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PEN America calls for the New York Times to bring back political cartoons.

Aaron Robertson

June 12, 2019, 4:14pm

For all the good that it’s done, the New York Times sometimes makes decisions that stoke the anger or disappointment of its readers. The announcement on Monday that the Times‘s international edition will no longer publish daily political cartoons, thus cutting ties with two contracted cartoonists, seems to have done both.

The move is the surprising conclusion to nearly two months of controversy. In April, the International print edition ran a political cartoon depicting Israeli Prime Minister Benjamin Netanyahu as a dachshund, a Star of David dangling from his leash, as he led a blind, yarmulke-wearing Donald Trump. The Times leadership was immediately accused of anti-Semitism, and less than a week later, the global edition announced that it would stop publishing syndicated cartoons entirely.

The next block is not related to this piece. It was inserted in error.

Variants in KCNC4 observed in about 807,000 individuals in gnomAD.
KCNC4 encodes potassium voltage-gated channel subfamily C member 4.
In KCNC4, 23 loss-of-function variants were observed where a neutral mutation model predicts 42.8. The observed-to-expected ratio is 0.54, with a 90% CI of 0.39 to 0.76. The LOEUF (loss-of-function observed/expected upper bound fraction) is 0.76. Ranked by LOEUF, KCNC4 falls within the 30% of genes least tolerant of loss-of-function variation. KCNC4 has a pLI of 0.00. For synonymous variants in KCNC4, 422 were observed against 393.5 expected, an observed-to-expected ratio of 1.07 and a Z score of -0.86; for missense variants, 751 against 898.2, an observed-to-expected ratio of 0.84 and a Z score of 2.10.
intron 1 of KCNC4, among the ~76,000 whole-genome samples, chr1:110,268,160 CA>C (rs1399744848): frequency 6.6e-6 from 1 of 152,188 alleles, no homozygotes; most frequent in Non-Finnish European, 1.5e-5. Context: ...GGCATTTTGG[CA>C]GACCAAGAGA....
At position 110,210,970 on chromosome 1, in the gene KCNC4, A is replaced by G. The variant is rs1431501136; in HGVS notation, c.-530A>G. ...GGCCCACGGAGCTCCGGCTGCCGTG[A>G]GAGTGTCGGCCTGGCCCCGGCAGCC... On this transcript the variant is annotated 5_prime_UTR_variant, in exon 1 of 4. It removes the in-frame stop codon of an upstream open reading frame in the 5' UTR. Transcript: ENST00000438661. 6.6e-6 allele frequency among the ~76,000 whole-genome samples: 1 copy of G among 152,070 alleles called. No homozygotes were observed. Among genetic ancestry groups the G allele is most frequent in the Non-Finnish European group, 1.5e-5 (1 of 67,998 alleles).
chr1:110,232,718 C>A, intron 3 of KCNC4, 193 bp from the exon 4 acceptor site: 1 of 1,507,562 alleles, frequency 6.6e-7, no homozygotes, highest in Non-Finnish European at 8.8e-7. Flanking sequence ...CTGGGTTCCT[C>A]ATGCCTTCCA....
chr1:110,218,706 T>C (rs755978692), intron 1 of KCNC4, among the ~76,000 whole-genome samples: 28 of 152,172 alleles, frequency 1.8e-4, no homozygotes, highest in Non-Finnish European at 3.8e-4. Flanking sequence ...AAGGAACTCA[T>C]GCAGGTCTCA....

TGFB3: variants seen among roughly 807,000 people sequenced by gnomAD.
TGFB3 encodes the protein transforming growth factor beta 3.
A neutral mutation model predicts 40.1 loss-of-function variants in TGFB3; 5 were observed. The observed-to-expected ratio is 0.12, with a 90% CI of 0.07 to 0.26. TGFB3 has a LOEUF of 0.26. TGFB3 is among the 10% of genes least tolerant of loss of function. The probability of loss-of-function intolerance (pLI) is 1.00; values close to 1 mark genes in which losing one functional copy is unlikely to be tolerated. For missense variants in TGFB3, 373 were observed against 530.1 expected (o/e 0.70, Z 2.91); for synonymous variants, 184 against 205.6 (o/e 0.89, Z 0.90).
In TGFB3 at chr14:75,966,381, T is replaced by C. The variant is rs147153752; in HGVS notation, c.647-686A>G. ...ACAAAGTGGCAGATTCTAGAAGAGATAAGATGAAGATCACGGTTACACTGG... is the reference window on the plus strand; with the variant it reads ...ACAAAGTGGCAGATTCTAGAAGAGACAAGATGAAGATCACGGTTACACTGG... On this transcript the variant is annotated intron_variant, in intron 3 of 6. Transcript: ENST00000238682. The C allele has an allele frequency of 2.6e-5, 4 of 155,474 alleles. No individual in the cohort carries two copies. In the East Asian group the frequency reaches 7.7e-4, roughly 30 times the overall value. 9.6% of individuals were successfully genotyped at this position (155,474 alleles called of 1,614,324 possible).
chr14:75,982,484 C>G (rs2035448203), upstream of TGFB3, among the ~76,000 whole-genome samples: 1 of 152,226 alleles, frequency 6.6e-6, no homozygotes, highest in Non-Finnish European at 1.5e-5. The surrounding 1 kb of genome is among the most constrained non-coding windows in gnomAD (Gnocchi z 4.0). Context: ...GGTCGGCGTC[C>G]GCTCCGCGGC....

Today in a written statement, PEN America CEO Suzanne Nossel implored the Times to get through the criticisms and give political cartoons another shot. “Free speech and open discourse demands an understanding that mistakes and offenses will occur,” Nossel wrote, “and a determination that these not be answered by shutting down expression to avert future lapses.”

Nossel’s diplomatic call was echoed in the opinion section of The Guardian, with cartoonist Martin Rowson calling the decision a “gross overcorrection” and “particularly irksome in its intoxicating combination of cowardice, pomposity, over-reaction and hypocrisy.”

To be sure, Nossel and Rowson aren’t alone in their condemnation.

Though criticisms of the Netanyahu/Trump image were resounding, the decision to cease the publication of political cartoons outright has been interpreted as brash and overly sensitive, an unthinking concession to any and all forms of outcry.

In a statement of his own, editorial page editor James Bennet boasted, with pretty odd timing, that the Times won its first ever Pulitzer Prize for political cartooning in 2018, for Jake Halpern and Michael Sloan’s nonfiction series illustrating the journey of one Syrian family to the United States.

Congrats, I guess?

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